With all of that, keep in mind the Angels 40-man roster currently sits at 48 due to injuries. There will be an immediate eight spots open up as players hit free agency (Bundy, Cishek, Cobb, Guerra, Iglesias, Suzuki, Fowler, Lagares) putting you back at 40. However, six players must be added back when Luke Bard, Patrick Sandoval, Franklin Barreto, Anthony Rendon, Justin Upton, and Mike Trout are activated from the 60-day IL. To make room, the Angels will have outright or DFA six players out of the gate.
The aforementioned five I had remaining with a chance of being taken in the Rule-5 are as listed: Aaron Hernandez, Connor Higgins, Orlando Martinez, Elvis Peguero, and Michael Stefanic. You can already see where the roster crunch is going to be challenging for the Angels to fit any of these five on their 40-man protecting them from the Draft. Let’s finish this breakdown.
Hernandez has been better of late, but unless a pitch-data driven team foresees him skyrocketing into Major League success, I don’t think he’ll be protected or taken. Orlando Martinez is a bench/platoon projection prospect, and has been his regular average performer in 2021, but that’s not enough for a team to stow him on a bench, so same fate as Hernandez. Higgins has the velocity and swing-and-miss breaker that you see in a lot of Rule-5 selections and also, a lot of what you see in players that are returned quickly. He’d be my best guess as an unprotected player being taken from the Angels in the Rule-5, but with some lower risk to not having him returned at some point.
That leaves you with Elvis Peguero and Michael Stefanic. Peguero is obviously someone the Angels like and if there’s an obvious player to protect, it’s probably him. As for Stefanic, it’s all based on how the Angels view him moving forward and if they feel a team would select him in the Rule-5. He can clearly hit, whether it be performance based on by the eye test. Teams will check with their pro staff and who has seen him to confirm, have their analytics staff check the numbers, and in reality, he has a 50/50 chance of being taken if not protected. That is where the next question leads us…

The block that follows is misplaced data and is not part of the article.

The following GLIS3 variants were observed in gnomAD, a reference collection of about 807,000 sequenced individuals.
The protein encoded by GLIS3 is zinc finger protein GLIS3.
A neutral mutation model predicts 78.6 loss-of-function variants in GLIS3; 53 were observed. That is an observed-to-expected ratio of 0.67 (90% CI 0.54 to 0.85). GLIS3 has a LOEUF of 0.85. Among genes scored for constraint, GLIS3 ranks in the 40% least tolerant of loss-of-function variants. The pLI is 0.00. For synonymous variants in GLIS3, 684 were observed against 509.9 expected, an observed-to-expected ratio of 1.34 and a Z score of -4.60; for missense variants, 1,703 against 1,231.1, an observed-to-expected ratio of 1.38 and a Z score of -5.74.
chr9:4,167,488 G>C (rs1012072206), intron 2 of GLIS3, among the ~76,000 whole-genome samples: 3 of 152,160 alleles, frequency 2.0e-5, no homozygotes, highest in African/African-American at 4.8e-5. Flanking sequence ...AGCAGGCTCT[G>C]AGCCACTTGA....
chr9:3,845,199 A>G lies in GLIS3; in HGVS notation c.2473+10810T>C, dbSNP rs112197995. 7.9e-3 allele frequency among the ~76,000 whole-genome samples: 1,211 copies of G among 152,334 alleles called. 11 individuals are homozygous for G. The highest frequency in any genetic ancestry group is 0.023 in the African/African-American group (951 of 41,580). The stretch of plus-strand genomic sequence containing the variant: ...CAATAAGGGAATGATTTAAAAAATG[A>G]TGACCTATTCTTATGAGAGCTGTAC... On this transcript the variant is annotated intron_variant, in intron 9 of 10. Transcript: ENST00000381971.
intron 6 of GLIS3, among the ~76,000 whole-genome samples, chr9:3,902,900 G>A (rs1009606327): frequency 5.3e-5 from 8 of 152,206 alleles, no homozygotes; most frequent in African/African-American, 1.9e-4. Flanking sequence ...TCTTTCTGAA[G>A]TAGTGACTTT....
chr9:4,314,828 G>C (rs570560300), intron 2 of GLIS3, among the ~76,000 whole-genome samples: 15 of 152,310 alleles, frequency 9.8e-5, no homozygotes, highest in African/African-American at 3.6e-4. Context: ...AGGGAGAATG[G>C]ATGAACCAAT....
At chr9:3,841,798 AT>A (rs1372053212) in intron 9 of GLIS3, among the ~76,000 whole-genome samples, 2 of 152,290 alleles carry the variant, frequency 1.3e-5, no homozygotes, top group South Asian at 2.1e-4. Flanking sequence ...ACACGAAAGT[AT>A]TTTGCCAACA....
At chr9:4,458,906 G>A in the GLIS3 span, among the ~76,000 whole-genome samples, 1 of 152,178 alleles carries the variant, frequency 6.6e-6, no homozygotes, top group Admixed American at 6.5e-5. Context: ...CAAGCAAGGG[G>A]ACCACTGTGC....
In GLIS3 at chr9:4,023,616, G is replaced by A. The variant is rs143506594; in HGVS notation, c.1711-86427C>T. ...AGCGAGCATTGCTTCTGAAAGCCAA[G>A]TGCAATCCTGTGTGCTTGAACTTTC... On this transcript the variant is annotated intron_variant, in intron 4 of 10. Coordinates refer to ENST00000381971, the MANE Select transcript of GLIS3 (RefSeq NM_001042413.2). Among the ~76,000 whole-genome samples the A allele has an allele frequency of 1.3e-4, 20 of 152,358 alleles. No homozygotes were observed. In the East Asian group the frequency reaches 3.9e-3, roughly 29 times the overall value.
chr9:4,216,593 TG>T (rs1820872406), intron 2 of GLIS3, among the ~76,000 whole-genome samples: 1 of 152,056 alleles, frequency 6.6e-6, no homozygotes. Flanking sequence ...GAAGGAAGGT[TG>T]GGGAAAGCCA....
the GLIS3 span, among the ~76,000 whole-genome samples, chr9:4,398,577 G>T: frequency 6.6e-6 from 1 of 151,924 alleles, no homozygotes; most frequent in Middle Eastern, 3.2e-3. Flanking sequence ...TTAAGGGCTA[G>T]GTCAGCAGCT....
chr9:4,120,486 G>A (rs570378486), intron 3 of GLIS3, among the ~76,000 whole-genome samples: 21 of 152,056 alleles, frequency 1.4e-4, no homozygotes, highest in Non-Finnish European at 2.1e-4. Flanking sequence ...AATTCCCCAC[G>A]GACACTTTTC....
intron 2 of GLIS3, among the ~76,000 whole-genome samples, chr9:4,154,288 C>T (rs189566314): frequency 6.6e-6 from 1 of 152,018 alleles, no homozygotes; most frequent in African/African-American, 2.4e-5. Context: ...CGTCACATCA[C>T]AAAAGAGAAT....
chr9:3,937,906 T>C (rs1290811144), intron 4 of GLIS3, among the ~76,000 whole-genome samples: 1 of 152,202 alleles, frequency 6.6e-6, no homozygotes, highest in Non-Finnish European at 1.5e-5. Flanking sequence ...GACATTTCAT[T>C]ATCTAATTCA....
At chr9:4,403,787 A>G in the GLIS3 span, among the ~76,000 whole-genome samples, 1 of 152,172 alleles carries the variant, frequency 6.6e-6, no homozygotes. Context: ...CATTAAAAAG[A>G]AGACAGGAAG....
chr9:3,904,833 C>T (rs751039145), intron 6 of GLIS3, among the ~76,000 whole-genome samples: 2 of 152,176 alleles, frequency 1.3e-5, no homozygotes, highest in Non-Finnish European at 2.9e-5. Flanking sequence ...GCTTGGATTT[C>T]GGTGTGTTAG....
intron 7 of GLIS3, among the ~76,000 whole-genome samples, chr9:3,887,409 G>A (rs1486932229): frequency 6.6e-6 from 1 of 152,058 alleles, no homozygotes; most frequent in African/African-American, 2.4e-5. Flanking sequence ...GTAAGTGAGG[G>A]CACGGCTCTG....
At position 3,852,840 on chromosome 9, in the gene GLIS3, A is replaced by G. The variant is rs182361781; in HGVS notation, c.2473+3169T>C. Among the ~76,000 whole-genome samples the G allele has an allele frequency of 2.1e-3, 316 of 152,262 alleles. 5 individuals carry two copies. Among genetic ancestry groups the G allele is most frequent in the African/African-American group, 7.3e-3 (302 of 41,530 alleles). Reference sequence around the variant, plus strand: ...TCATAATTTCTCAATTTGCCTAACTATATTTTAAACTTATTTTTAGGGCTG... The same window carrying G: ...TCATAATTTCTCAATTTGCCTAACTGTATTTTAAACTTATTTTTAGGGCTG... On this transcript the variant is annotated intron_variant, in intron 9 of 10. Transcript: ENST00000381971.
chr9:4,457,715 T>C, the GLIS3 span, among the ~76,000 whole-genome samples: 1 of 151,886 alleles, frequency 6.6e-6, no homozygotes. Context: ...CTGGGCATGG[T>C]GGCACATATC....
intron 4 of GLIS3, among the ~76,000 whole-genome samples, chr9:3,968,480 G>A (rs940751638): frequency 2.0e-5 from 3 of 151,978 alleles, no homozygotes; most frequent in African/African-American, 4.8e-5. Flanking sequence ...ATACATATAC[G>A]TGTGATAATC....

“Thoughts on Stefanic/Brendon Davis filling utility spots for the following season? Or do the current options of Rengifo/Rojas/Mayfield/Gosselin/Barreto delay their call-up?” – @buckybucky21
G’day, Bucky. Great question that can help answer the last one a bit. Stefanic can hit, and there’s not a ton of development remaining about his hit tool. The best part of his game is that he rarely strikes out and has an absurd sub five percent SwSt%. He’s going to put the ball in play for you, which only adds to his bench role potential. So… if the Angels believe Stefanic can handle himself in the field at multiple positions and at the plate, it seems he could be one of the multiple utility options for the Angels in 2022, joining the group you mentioned.